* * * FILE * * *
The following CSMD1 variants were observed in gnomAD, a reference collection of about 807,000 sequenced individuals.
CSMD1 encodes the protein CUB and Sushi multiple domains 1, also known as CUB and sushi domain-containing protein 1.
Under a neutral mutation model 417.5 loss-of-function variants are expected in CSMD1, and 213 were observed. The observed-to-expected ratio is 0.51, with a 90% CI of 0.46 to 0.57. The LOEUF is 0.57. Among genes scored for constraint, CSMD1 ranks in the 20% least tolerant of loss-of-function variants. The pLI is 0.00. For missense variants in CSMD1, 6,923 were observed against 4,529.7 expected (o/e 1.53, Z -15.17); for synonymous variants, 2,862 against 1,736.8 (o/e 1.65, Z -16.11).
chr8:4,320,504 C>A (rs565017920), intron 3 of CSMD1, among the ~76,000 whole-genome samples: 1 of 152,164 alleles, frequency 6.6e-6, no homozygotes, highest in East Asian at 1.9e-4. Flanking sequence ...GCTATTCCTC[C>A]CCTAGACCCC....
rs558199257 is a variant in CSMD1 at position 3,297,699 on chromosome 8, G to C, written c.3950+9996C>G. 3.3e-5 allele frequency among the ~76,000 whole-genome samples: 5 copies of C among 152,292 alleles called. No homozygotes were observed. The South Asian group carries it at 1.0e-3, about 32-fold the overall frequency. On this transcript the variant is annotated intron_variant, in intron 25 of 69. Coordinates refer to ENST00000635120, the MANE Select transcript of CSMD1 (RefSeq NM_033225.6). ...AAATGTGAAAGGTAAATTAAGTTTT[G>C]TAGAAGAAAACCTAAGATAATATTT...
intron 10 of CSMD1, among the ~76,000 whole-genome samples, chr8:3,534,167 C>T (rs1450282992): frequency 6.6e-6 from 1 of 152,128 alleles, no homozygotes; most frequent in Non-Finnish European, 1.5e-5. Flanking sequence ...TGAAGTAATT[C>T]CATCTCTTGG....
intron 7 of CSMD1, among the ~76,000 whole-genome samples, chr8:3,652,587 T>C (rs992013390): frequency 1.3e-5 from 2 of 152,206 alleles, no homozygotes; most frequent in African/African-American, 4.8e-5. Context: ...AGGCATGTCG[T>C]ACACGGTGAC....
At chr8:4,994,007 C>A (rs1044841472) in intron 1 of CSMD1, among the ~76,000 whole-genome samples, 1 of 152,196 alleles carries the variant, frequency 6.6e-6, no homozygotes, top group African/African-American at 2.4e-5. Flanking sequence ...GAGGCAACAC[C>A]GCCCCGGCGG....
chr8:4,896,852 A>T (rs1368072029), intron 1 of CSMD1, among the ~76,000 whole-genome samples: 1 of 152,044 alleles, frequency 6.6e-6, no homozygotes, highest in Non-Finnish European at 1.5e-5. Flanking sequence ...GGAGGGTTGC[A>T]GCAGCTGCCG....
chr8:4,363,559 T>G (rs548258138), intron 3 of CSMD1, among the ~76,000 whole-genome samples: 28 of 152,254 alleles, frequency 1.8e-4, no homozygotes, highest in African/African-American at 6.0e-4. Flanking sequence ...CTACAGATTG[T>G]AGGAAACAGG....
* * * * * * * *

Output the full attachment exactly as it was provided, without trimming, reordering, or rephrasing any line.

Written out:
The following CSMD1 variants were observed in gnomAD, a reference collection of about 807,000 sequenced individuals.
CSMD1 encodes the protein CUB and Sushi multiple domains 1, also known as CUB and sushi domain-containing protein 1.
Under a neutral mutation model 417.5 loss-of-function variants are expected in CSMD1, and 213 were observed. The observed-to-expected ratio is 0.51, with a 90% CI of 0.46 to 0.57. The LOEUF is 0.57. Among genes scored for constraint, CSMD1 ranks in the 20% least tolerant of loss-of-function variants. The pLI is 0.00. For missense variants in CSMD1, 6,923 were observed against 4,529.7 expected (o/e 1.53, Z -15.17); for synonymous variants, 2,862 against 1,736.8 (o/e 1.65, Z -16.11).
chr8:4,320,504 C>A (rs565017920), intron 3 of CSMD1, among the ~76,000 whole-genome samples: 1 of 152,164 alleles, frequency 6.6e-6, no homozygotes, highest in East Asian at 1.9e-4. Flanking sequence ...GCTATTCCTC[C>A]CCTAGACCCC....
rs558199257 is a variant in CSMD1 at position 3,297,699 on chromosome 8, G to C, written c.3950+9996C>G. 3.3e-5 allele frequency among the ~76,000 whole-genome samples: 5 copies of C among 152,292 alleles called. No homozygotes were observed. The South Asian group carries it at 1.0e-3, about 32-fold the overall frequency. On this transcript the variant is annotated intron_variant, in intron 25 of 69. Coordinates refer to ENST00000635120, the MANE Select transcript of CSMD1 (RefSeq NM_033225.6). ...AAATGTGAAAGGTAAATTAAGTTTT[G>C]TAGAAGAAAACCTAAGATAATATTT...
intron 10 of CSMD1, among the ~76,000 whole-genome samples, chr8:3,534,167 C>T (rs1450282992): frequency 6.6e-6 from 1 of 152,128 alleles, no homozygotes; most frequent in Non-Finnish European, 1.5e-5. Flanking sequence ...TGAAGTAATT[C>T]CATCTCTTGG....
intron 7 of CSMD1, among the ~76,000 whole-genome samples, chr8:3,652,587 T>C (rs992013390): frequency 1.3e-5 from 2 of 152,206 alleles, no homozygotes; most frequent in African/African-American, 4.8e-5. Context: ...AGGCATGTCG[T>C]ACACGGTGAC....
At chr8:4,994,007 C>A (rs1044841472) in intron 1 of CSMD1, among the ~76,000 whole-genome samples, 1 of 152,196 alleles carries the variant, frequency 6.6e-6, no homozygotes, top group African/African-American at 2.4e-5. Flanking sequence ...GAGGCAACAC[C>A]GCCCCGGCGG....
chr8:4,896,852 A>T (rs1368072029), intron 1 of CSMD1, among the ~76,000 whole-genome samples: 1 of 152,044 alleles, frequency 6.6e-6, no homozygotes, highest in Non-Finnish European at 1.5e-5. Flanking sequence ...GGAGGGTTGC[A>T]GCAGCTGCCG....
chr8:4,363,559 T>G (rs548258138), intron 3 of CSMD1, among the ~76,000 whole-genome samples: 28 of 152,254 alleles, frequency 1.8e-4, no homozygotes, highest in African/African-American at 6.0e-4. Flanking sequence ...CTACAGATTG[T>G]AGGAAACAGG....